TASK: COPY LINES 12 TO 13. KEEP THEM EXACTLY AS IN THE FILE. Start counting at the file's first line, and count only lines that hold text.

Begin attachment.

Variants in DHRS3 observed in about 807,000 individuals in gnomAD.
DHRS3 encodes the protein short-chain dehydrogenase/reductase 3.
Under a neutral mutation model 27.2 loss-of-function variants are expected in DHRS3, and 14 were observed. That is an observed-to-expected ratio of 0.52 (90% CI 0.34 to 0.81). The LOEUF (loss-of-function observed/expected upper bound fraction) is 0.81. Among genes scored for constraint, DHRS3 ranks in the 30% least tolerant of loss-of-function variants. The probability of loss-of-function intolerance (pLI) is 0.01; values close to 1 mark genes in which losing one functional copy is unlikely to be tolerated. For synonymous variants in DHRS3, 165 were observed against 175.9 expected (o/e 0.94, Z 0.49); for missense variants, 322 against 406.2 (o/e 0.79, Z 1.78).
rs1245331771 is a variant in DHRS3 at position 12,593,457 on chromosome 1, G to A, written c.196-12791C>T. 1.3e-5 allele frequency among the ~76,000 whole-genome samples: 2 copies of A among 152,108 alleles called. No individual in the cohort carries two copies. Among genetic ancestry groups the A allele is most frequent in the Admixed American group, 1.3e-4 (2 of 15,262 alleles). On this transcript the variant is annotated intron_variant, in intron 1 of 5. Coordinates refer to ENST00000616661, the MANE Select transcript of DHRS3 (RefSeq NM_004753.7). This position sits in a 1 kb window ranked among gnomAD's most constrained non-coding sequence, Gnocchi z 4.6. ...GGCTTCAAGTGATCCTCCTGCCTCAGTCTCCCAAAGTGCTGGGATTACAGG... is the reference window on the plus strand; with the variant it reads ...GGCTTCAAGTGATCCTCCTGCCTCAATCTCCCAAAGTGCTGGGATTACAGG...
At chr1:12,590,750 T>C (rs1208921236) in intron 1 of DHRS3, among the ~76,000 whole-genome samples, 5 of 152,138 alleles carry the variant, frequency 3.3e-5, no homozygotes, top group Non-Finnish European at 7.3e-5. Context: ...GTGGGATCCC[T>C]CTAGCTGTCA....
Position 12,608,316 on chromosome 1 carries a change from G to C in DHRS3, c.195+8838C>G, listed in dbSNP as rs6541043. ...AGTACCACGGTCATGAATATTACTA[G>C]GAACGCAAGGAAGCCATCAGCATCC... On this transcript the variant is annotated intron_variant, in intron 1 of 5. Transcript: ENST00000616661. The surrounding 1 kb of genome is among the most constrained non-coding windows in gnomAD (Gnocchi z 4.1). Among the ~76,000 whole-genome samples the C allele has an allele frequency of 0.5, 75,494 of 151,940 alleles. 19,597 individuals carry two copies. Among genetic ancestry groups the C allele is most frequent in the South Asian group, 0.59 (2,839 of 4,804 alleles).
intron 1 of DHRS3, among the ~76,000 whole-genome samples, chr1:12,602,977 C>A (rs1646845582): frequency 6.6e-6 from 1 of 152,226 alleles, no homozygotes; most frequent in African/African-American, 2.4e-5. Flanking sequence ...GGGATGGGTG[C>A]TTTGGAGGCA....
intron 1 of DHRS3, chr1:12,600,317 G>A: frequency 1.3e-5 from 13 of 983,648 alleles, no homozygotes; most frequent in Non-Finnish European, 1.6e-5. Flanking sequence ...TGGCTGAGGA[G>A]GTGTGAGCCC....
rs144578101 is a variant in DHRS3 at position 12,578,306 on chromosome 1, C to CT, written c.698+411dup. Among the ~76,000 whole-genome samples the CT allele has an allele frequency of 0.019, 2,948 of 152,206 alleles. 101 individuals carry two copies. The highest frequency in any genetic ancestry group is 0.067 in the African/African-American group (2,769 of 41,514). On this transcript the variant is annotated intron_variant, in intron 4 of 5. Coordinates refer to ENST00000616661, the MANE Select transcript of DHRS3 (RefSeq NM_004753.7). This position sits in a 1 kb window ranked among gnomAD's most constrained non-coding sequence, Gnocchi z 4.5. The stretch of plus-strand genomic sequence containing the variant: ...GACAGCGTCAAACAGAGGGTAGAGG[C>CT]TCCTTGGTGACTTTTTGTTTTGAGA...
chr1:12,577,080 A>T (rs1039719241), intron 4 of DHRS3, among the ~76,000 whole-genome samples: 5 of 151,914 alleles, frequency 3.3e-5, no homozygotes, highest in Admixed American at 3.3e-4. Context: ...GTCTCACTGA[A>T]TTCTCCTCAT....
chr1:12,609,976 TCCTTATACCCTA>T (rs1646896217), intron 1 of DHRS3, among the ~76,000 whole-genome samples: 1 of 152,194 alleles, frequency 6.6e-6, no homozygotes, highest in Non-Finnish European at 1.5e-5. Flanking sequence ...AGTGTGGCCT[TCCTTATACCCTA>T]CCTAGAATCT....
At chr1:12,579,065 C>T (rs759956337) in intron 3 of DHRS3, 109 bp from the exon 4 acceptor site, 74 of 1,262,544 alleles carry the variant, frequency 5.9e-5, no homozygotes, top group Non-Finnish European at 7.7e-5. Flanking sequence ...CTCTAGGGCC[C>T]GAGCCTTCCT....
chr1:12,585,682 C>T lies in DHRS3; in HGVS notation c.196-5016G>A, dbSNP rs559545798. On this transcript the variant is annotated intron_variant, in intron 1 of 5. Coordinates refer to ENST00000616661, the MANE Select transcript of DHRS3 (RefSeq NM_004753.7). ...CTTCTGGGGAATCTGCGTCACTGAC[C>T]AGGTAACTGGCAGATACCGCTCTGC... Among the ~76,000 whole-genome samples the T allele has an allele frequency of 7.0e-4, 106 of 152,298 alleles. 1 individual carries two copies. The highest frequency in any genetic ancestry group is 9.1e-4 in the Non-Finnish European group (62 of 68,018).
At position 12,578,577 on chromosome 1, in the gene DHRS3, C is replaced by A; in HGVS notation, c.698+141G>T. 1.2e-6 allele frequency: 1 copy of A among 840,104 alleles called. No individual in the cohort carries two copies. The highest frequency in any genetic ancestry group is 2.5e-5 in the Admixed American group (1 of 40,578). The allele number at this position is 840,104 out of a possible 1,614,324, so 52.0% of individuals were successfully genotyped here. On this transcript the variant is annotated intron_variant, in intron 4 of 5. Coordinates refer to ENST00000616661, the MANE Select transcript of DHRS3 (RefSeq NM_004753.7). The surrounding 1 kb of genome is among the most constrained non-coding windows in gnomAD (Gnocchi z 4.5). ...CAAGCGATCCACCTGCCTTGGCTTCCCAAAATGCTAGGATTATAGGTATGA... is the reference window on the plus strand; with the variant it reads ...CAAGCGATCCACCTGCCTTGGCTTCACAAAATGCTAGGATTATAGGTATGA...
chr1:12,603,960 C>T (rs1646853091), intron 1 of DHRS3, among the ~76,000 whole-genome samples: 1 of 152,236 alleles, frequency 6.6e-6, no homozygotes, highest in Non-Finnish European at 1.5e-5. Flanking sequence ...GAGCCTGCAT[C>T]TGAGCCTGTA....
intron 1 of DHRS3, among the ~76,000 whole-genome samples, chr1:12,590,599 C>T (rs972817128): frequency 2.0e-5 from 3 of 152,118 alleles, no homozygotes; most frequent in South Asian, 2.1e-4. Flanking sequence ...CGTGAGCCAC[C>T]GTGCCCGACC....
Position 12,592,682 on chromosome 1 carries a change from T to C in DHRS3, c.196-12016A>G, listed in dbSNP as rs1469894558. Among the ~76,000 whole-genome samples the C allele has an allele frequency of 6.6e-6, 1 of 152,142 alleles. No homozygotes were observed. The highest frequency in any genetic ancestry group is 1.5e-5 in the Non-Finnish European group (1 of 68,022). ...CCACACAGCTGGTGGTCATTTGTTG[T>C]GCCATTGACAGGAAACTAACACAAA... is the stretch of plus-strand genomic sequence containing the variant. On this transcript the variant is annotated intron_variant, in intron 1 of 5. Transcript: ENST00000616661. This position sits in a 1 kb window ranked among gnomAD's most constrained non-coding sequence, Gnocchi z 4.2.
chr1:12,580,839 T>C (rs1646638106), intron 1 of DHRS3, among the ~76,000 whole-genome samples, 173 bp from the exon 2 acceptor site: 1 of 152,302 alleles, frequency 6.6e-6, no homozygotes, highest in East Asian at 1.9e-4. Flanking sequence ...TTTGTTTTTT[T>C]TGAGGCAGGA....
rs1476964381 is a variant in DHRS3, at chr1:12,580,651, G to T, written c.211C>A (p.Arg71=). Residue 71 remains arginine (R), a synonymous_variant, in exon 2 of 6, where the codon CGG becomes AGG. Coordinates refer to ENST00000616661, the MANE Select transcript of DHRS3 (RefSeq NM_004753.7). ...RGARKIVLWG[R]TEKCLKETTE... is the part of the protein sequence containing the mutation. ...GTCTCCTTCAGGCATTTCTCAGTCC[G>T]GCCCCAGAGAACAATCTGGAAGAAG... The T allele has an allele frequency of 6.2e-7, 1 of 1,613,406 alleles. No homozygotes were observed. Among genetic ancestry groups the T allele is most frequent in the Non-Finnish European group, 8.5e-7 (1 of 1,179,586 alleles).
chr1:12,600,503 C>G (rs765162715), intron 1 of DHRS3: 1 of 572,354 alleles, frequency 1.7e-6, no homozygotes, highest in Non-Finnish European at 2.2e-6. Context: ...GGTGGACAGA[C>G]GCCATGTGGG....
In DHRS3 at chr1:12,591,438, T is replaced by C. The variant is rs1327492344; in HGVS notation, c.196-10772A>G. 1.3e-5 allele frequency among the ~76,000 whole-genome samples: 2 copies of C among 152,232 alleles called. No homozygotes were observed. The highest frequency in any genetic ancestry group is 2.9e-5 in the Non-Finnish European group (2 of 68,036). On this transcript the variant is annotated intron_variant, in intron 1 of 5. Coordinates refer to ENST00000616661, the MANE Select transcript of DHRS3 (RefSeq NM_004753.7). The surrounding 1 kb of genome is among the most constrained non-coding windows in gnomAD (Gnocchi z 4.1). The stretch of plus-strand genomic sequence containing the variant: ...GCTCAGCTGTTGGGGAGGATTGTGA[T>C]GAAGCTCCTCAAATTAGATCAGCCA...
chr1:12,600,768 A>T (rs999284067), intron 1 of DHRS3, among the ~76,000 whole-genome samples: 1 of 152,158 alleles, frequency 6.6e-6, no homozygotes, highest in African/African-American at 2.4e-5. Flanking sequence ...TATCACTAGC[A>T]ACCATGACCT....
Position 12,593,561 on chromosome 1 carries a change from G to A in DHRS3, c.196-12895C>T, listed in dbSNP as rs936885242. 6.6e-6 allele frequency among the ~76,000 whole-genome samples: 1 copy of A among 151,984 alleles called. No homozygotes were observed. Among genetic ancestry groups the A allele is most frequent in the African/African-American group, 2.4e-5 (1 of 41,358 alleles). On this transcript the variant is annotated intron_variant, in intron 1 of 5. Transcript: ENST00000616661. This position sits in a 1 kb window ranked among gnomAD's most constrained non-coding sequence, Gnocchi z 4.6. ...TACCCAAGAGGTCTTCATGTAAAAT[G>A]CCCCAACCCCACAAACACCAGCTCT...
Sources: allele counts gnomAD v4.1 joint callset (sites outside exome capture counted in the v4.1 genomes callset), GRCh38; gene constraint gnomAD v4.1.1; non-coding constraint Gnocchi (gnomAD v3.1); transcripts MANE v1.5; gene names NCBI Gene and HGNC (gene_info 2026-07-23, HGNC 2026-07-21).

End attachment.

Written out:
At chr1:12,579,065 C>T (rs759956337) in intron 3 of DHRS3, 109 bp from the exon 4 acceptor site, 74 of 1,262,544 alleles carry the variant, frequency 5.9e-5, no homozygotes, top group Non-Finnish European at 7.7e-5. Flanking sequence ...CTCTAGGGCC[C>T]GAGCCTTCCT....
chr1:12,585,682 C>T lies in DHRS3; in HGVS notation c.196-5016G>A, dbSNP rs559545798. On this transcript the variant is annotated intron_variant, in intron 1 of 5. Coordinates refer to ENST00000616661, the MANE Select transcript of DHRS3 (RefSeq NM_004753.7). ...CTTCTGGGGAATCTGCGTCACTGAC[C>T]AGGTAACTGGCAGATACCGCTCTGC... Among the ~76,000 whole-genome samples the T allele has an allele frequency of 7.0e-4, 106 of 152,298 alleles. 1 individual carries two copies. The highest frequency in any genetic ancestry group is 9.1e-4 in the Non-Finnish European group (62 of 68,018).